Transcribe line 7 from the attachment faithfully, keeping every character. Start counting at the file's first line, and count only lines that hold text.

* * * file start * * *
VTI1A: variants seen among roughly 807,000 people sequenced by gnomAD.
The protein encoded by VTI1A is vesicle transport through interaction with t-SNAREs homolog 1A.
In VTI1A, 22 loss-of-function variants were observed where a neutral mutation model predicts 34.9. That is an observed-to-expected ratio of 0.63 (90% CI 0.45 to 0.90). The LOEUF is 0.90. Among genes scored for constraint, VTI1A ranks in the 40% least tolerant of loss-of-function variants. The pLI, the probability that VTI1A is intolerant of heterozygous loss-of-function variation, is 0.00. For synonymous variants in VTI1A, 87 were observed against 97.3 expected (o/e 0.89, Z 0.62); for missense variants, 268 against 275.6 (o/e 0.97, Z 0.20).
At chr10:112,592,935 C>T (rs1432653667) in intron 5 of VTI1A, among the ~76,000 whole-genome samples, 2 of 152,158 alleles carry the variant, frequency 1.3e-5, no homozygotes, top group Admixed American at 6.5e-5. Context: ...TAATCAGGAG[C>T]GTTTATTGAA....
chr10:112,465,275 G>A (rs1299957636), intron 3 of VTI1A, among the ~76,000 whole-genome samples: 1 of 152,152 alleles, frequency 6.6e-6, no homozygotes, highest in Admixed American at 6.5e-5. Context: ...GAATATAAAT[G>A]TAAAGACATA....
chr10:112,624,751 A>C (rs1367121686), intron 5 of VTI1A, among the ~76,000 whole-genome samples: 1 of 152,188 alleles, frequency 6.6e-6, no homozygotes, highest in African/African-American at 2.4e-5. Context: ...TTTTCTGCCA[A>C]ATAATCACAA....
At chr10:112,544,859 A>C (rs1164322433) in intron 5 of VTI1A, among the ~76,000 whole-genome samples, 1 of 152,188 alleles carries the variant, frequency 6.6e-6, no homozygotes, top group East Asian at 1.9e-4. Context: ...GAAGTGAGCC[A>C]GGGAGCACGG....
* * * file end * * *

At chr10:112,544,859 A>C (rs1164322433) in intron 5 of VTI1A, among the ~76,000 whole-genome samples, 1 of 152,188 alleles carries the variant, frequency 6.6e-6, no homozygotes, top group East Asian at 1.9e-4. Context: ...GAAGTGAGCC[A>C]GGGAGCACGG....